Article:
Real earnings up in November 2012
December 18, 2012
Real average hourly earnings for all employees rose 0.5 percent from October to November, seasonally adjusted. This change resulted from a 0.2-percent increase in average hourly earnings combined with a 0.3-percent decline in the Consumer Price Index for All Urban Consumers (CPI-U).
|Date||All employees||Production and nonsupervisory employees|
Real average weekly earnings increased 0.5 percent over the month because of the increase in real average hourly earnings, combined with an unchanged average workweek. Since reaching a peak in June 2012, real average weekly earnings have fallen 0.8 percent.
Real average hourly earnings for production and nonsupervisory employees rose 0.6 percent from October to November, seasonally adjusted. This change resulted from a 0.2-percent increase in average hourly earnings combined with a 0.5-percent decline in the Consumer Price Index for Urban Wage Earners and Clerical Workers (CPI-W).
Real average weekly earnings for production and nonsupervisory employees rose 0.9 percent over the month. Since reaching a peak in October 2010, real average weekly earnings for production and nonsupervisory employees have fallen 2.0 percent.
These earnings data are from the Current Employment Statistics program. Earnings data for October and November are preliminary. To learn more, see “Real Earnings – November 2012” (HTML) (PDF), news release USDL-12-2409. The CPI-U and the CPI-W are produced by the Consumer Price Index program and are used to deflate the all employees and the production and nonsupervisory data.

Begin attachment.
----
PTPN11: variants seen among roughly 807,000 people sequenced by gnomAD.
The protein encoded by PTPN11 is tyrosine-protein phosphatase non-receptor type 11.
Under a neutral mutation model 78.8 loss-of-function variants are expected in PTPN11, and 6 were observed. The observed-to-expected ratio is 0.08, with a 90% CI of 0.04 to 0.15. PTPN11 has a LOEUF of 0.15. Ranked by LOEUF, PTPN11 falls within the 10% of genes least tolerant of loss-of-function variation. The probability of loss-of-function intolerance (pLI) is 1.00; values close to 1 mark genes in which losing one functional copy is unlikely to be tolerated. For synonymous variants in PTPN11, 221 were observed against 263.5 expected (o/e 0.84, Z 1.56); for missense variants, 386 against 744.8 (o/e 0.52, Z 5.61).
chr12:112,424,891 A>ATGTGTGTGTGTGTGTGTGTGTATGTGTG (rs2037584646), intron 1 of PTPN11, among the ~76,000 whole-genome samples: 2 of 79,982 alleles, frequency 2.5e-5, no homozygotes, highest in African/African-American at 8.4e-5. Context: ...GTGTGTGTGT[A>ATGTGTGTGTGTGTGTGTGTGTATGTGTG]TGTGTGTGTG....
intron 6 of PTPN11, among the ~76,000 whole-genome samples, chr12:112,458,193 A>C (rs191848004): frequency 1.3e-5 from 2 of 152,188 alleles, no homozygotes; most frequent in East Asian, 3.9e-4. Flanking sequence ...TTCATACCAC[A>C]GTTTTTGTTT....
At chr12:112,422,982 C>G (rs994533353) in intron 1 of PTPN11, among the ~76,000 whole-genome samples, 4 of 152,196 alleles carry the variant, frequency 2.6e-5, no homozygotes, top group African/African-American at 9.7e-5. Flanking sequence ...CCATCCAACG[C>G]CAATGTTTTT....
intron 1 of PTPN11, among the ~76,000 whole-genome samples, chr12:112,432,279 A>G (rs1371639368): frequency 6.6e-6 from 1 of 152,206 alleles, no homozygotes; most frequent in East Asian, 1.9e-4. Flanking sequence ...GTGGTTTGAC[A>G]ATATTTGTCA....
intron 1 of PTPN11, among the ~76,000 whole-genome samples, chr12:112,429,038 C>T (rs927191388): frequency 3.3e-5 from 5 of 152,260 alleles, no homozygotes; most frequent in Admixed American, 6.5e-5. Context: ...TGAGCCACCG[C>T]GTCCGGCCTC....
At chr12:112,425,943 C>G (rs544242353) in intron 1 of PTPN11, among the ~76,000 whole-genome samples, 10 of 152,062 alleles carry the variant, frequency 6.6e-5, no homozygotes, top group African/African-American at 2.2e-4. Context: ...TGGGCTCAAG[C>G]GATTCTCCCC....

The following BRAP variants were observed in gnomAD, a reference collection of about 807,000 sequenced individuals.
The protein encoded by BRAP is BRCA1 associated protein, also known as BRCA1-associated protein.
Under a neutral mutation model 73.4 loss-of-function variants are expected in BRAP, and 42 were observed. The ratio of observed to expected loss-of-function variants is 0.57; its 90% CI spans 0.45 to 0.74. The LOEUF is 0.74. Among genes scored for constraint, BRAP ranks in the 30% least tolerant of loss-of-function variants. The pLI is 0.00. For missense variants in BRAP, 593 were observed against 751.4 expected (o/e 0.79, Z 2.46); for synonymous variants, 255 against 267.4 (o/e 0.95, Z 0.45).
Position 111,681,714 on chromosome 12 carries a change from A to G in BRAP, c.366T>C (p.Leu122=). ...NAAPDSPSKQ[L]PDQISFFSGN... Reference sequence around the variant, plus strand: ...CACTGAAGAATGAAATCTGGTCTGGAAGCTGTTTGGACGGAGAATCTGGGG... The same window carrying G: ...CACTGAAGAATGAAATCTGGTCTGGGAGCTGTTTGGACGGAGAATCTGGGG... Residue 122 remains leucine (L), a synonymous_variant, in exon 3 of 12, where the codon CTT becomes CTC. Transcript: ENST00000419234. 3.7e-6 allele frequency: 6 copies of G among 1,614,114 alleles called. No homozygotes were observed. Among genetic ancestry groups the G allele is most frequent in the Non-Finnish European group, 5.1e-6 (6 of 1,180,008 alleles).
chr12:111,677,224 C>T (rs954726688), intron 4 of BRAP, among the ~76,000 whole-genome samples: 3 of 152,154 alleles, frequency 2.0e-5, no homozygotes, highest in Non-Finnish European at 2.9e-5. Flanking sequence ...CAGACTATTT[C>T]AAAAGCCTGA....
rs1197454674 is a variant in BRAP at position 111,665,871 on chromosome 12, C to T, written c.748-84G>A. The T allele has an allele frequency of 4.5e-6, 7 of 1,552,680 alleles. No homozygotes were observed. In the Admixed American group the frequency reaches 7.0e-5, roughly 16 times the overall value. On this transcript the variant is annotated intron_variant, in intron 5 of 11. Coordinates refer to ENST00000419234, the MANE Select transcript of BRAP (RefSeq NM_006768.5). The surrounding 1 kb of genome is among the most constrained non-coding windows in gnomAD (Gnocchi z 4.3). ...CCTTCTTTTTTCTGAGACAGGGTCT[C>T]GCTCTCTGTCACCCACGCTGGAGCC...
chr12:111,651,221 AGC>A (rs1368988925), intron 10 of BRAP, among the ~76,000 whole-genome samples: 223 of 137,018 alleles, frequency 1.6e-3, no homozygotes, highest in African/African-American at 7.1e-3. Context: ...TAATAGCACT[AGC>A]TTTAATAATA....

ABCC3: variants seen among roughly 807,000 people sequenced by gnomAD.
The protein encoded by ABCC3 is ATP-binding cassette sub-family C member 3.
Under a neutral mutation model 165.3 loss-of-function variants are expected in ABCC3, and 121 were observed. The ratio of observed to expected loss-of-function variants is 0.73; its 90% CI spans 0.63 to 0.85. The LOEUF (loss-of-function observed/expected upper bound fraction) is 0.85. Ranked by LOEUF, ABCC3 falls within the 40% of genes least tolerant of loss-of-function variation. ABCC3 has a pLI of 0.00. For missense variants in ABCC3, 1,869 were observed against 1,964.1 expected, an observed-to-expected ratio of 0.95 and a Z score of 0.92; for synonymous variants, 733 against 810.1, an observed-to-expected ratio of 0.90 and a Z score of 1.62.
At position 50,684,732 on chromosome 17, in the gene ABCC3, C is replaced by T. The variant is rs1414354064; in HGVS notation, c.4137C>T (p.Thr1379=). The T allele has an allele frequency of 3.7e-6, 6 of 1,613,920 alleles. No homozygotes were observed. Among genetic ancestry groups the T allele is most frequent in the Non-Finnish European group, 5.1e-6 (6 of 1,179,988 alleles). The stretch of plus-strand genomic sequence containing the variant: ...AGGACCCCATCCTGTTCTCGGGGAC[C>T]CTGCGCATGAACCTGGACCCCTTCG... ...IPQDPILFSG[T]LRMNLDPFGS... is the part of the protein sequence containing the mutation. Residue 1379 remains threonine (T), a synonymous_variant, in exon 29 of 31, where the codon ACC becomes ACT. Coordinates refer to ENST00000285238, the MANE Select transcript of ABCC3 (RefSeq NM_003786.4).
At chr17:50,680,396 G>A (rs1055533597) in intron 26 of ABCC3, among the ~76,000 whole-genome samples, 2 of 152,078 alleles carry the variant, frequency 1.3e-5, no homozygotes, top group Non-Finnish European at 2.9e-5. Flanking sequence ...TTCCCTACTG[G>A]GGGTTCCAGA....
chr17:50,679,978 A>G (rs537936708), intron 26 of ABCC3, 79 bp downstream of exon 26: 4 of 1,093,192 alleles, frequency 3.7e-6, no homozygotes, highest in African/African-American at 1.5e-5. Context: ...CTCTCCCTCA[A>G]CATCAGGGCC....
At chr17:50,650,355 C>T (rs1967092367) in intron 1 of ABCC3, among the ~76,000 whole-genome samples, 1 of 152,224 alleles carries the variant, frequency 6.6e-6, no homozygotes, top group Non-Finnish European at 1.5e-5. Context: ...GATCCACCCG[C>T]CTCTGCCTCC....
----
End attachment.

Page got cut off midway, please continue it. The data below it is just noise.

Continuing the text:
Bureau of Labor Statistics, U.S. Department of Labor, The Economics Daily, Real earnings up in November 2012 on the Internet at https://www.bls.gov/opub/ted/2012/ted_20121218.htm (visited April 28, 2017).
Recent editions of Spotlight on Statistics
STEM occupations: past, present, and future
A look at employment and wages in science, technology, engineering, and mathematics occupations.
Workplace injuries and illnesses and employer costs for workers’ compensation
Workplace injury and illness data and the costs to employers for workers’ compensation in natural resources, construction, and maintenance occupations.
A look at the future of the U.S. labor force to 2060
Projected long-term trends in the growth, size, and composition of the labor force.
Union membership in the United States
Historical trends in union membership among employed wage and salary workers; union membership by a variety of demographic characteristics.